- Sep 10, 1960
- Grayshott, Hampshire, England
As Mr. Darcy in the acclaimed 1995 television adaptation of Pride and Prejudice, Colin Firth induced record increases in estrogen levels on both sides of the Atlantic. Imbuing his role as one of literature's most obstinate lovers with surly, understated charisma, Firth caused many a viewer to wonder where he had been for so long, even though he had in… More Bio:
As Mr. Darcy in the acclaimed 1995 television adaptation of Pride and Prejudice, Colin Firth induced record increases in estrogen levels on both sides of the Atlantic. Imbuing his role as one of literature's most obstinate lovers with surly, understated charisma, Firth caused many a viewer to wonder where he had been for so long, even though he had in fact been appearing in television and film for years.
The son of two university lecturers, Firth was born in England's Hampshire county on September 10, 1960. Part of his early childhood was spent in Nigeria with missionary grandparents, but he returned for schooling in his native country and eventually enrolled in the Drama Centre in Chalk Farm. While playing Hamlet in a school production during his final term, the actor was discovered, and he went on to make his London stage debut in the West End production of Julian Mitchell's Another Country. Starring opposite Rupert Everett, Firth played Tommy Judd, a character based on spy-scandal figurehead Donald Maclean (Everett played Guy Bennett, based on real-life spy Guy Burgess). He went on to reprise his role for the play's 1984 film version, again playing opposite Everett.
Despite such an auspicious beginning to his career, Firth spent the rest of the decade and half of the next working in relative obscurity; he starred in a number of television productions -- including the highly acclaimed 1993 Hostages -- and worked steadily in film. Some of his more notable work included A Month in the Country, in which he played a World War I veteran opposite Kenneth Branagh and Natasha Richardson, and Valmont, Milos Forman's 1989 adaptation of Les Liaisons Dangereuses, in which Firth starred in the title role. The film also provided him with an introduction to co-star Meg Tilly, with whom he had a son.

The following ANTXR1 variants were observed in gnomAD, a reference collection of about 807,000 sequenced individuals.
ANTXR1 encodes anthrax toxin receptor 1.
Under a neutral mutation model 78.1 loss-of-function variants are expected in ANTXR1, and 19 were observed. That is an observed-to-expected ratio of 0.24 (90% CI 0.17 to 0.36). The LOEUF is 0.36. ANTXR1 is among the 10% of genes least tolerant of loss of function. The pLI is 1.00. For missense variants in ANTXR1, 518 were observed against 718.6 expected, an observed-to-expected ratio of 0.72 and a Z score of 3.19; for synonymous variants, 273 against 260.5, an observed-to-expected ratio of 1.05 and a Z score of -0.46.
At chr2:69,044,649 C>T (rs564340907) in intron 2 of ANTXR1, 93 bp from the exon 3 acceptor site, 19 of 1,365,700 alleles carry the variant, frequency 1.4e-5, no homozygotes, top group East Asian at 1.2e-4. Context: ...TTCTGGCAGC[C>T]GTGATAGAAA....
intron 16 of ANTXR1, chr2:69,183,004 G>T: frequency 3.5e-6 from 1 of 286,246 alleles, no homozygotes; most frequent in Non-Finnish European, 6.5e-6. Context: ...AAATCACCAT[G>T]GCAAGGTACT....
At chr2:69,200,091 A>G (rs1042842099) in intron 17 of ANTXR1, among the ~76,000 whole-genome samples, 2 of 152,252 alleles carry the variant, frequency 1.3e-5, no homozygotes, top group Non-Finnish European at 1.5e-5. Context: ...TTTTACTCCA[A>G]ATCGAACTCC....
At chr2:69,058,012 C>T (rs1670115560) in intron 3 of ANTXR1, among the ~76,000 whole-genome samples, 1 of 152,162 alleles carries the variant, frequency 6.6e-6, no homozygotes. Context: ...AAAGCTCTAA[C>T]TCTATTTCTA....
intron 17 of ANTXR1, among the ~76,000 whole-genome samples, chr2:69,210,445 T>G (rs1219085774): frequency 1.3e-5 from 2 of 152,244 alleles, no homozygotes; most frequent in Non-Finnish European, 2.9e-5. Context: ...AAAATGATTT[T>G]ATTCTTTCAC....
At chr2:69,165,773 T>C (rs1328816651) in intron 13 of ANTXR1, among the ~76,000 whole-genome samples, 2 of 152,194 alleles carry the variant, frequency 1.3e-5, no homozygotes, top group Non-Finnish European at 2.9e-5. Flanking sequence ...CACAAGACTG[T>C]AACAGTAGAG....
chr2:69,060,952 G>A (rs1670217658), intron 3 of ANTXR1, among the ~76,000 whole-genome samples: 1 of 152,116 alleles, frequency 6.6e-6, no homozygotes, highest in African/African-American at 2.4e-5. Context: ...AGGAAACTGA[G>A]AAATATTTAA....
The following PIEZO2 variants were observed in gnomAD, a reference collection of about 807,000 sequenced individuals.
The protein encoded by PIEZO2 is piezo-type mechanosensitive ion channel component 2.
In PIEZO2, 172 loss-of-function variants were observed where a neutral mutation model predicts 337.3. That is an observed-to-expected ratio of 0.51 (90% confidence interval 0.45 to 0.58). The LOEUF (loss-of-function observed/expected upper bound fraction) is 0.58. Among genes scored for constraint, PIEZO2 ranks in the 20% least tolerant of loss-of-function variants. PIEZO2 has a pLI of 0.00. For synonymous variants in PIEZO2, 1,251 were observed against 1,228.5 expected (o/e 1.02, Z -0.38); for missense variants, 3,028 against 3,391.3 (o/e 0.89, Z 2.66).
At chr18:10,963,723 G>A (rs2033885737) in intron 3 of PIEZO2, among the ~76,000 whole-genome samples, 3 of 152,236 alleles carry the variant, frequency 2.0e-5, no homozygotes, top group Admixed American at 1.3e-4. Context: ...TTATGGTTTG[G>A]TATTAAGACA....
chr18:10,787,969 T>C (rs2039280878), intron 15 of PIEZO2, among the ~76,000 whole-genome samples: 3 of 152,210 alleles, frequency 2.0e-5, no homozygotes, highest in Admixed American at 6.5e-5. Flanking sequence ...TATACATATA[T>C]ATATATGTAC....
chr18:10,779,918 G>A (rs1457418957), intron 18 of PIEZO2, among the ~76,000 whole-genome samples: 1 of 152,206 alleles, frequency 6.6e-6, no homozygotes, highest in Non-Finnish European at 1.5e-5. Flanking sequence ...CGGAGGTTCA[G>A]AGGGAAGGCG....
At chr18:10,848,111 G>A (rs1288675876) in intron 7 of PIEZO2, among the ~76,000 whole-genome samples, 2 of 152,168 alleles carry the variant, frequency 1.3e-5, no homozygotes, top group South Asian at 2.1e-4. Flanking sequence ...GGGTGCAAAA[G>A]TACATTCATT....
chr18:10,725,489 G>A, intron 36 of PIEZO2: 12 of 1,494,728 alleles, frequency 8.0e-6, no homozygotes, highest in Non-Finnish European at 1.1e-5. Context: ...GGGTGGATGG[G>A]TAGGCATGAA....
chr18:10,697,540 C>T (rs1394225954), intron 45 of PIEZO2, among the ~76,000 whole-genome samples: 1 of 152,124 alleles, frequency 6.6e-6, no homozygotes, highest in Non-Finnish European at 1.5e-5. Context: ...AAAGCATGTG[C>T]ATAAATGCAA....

However, it was not until he again donned breeches and a waistcoat that Firth started to emerge from the shadows of BBC programming. With his portrayal of Mr. Darcy in the popular TV adaptation of Pride and Prejudice, Firth was propelled into the media spotlight, touted in a number of articles as the latest in the long line of thinking women's crumpets; he was further rewarded for his work with a BAFTA award. The same year, he appeared as an amorous cad in the similarly popular Circle of Friends and went on the next year to appear as Kristin Scott Thomas' cuckolded husband in The English Patient. Firth garnered praise for his role in the film, which went on to win international acclaim and Academy Awards.
After a turn as a morally ambiguous man who gets involved with both Jessica Lange and Michelle Pfeiffer in A Thousand Acres, Firth took a comically sinister turn as Gwyneth Paltrow's intended husband in the 1998 Shakespeare in Love. The following year, he starred in two very different movies: My Life So Far, a tale of family dysfunction in the Scottish Highlands, and Fever Pitch, initially released in the U.K. in 1997, in which Firth played a rabid English football fan forced to choose between his love of the sport and the woman in his life.
Headlining the low-key comedy My Life So Far the following year, Firth's performance as the father of a family living in a post World War I British estate was only one of five roles that the busy actor would essay that particular year (including that of William Shakespeare in Blackadder Back and Forth). His finale of the year -- Donovan Quick -- offered a memorable updating of the legend of Don Quixote with Firth himself in the titular role. Firth's supporting role in the 2001 comedy Bridget Jones's Diary preceded a more weighty performance in the chilling drama Conspiracy, with the former earning him a BAFTA nomination and the latter an Emmy nod. Comic performances in Londinium (2001) and The Importance of Being Earnest (2002) found Firth continuing to maintain his reputation as one of England's most talented comic exports, and if his lead in 2003's
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